It was nice to see that the support for two of these headliners came from local artists. Roseanne Reid, from Leith, has been the “one to watch” over the past two years since she first came to attention via the Radio Two Young Folk Artists Awards. Having announced plans to record her first album with Teddy Thompson in the producer’s chair, she was proud to tell her Saturday night audience that she would have a special guest star on the recording, one Steve Earle. Reid is something of a protégé of Earle’s but it’s still quite a coup for her. Anyway, as usual, she captivated the audience, many of whom were already familiar with her dry and dusty songs such as What I’ve Done and Amy, an excellent song about “misplaced friendship.” She did sing some songs destined for the new album, a bittersweet song for an ex along with one called River while she also performed what she said was the first story song she had written, Levi. A small town story with a hint of Bobbie Gentry melancholy in the lyrics it bodes well for Roseanne’s future. Closing with her love song for her fiancé, I Love Her So, a tender and moving ballad, she continues to impress one as an artist who should have a great future. Adriana Spina is a more established artist who has recently received some fine reviews for her second album, Let Out The Dark, with some comparing her to the likes of Mary Chapin Carpenter. Having honed her act on several tours supporting Joan Armatrading, Eddi Reader, Dar Williams and Sheryl Crow, she’s a powerful and energetic performer able to deliver her songs live and solo without the sometime rock’n’roll sparkle employed on her albums. See Another Day was a fine example of this but she was well able to embody heartache on Where Are You, a song which allowed her impressive voice to swell. Two Steps was an impressive ode to the travails of the travelling musician and, from her first album, Jeannie’s Song, dedicated to her grandmother, was a grand tribute with a fine sense of Scottish fealty. And, in the aftermath of the death of Tom Petty, Ms. Spina sang a spirited Free Falling, the audience joining in.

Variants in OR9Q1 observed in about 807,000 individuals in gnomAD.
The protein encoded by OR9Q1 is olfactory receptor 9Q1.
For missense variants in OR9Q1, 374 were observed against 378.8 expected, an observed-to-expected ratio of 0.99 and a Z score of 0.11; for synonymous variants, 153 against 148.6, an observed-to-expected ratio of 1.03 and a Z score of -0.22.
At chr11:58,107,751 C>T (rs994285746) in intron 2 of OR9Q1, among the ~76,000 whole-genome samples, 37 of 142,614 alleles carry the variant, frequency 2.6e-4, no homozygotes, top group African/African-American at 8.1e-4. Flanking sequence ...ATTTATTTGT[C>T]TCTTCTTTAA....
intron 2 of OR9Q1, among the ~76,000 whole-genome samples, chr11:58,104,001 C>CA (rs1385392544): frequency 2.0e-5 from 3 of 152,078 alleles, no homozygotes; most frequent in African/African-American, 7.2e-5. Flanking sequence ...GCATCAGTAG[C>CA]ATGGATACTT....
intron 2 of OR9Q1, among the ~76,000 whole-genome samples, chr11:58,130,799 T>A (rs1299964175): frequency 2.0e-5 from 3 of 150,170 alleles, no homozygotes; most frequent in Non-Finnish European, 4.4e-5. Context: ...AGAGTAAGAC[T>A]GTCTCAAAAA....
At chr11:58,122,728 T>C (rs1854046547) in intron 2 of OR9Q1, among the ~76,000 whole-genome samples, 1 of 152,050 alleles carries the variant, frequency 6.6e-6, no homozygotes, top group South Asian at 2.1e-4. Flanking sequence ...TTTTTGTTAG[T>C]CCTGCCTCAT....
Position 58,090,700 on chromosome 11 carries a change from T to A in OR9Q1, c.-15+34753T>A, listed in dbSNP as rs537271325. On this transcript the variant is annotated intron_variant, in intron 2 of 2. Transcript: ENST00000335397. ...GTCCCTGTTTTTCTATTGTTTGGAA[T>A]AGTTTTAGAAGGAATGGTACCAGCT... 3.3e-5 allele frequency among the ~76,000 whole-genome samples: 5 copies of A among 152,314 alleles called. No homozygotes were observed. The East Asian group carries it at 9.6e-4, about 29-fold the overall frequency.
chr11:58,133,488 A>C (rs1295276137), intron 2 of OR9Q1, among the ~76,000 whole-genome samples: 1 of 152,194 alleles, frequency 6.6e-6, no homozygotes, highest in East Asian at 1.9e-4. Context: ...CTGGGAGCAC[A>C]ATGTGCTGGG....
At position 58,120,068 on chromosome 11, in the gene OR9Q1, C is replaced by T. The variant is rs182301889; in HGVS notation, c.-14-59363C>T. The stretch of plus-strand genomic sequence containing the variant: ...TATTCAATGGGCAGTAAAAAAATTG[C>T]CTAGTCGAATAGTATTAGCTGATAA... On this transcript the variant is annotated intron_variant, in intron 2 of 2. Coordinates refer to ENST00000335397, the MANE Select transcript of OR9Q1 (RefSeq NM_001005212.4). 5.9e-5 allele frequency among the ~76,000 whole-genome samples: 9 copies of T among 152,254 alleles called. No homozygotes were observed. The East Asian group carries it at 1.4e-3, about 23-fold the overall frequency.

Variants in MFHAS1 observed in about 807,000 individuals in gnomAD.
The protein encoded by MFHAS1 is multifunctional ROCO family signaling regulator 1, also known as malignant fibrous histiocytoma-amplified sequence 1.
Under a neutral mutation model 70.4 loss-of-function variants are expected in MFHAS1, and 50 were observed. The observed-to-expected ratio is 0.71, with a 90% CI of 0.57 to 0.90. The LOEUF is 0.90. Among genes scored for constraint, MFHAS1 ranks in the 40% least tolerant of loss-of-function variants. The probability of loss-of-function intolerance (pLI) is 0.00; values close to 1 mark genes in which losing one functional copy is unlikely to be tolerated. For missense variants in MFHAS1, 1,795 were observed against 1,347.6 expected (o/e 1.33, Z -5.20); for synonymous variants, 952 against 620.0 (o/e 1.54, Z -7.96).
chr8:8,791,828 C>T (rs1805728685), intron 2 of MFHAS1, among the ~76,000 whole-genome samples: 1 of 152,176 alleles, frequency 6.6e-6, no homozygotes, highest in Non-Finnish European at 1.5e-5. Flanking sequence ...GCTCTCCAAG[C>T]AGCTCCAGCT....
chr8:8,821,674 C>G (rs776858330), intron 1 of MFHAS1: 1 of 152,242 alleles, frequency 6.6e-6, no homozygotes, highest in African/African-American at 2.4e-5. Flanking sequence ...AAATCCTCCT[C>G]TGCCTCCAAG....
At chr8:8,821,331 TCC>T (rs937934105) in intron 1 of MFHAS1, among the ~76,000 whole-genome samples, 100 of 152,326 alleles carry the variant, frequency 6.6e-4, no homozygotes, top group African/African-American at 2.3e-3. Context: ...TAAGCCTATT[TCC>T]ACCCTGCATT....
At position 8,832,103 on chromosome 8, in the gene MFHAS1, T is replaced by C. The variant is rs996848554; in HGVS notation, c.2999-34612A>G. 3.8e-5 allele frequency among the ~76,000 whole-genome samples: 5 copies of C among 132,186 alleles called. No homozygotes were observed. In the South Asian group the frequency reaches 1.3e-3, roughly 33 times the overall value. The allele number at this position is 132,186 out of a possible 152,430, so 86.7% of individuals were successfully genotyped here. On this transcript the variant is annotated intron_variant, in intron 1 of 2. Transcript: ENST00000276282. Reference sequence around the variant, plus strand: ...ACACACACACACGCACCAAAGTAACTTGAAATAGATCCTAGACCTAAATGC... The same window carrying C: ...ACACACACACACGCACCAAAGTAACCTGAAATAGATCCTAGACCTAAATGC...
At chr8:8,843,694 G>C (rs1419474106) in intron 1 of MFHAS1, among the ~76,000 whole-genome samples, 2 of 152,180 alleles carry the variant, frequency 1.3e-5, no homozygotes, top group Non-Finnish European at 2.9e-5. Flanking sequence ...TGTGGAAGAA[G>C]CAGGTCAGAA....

Hazy Recollections was a Saturday matinee show featuring short sets from five acts in the cosy confines of The Glad Cafe. The openers were a fledging Glasgow based duo, Saint Huck (Christie Connor-Vernal and Jamie O’Donnell), who parlayed a fine essence of male/female harmony singing in their fine self-penned songs. Good People Do Bad Things was a delicate ballad with their harmonies to the fore while Pale And Weeping Ghost was an excellent account of a supernatural encounter delivered in the vein of Long Black Veil. Very nice. Martha Healy, another Glasgow based country artist was up next and with Becky Brown on fiddle accompanying her she showed why some folk have been praising her to the moon. To Be Free was a classic country number with Healy showing some of her deep affection for Patsy Cline while Better Days, the title song of her debut album recalled artists as diverse as Emmylou Harris and The Dixie Chicks. Ms. Healy also offered us a magisterial reading of Cline’s Walking After Midnight which gave her a chance to really show off her powerful and nuanced voice along with some fine fiddling from Ms. Brown.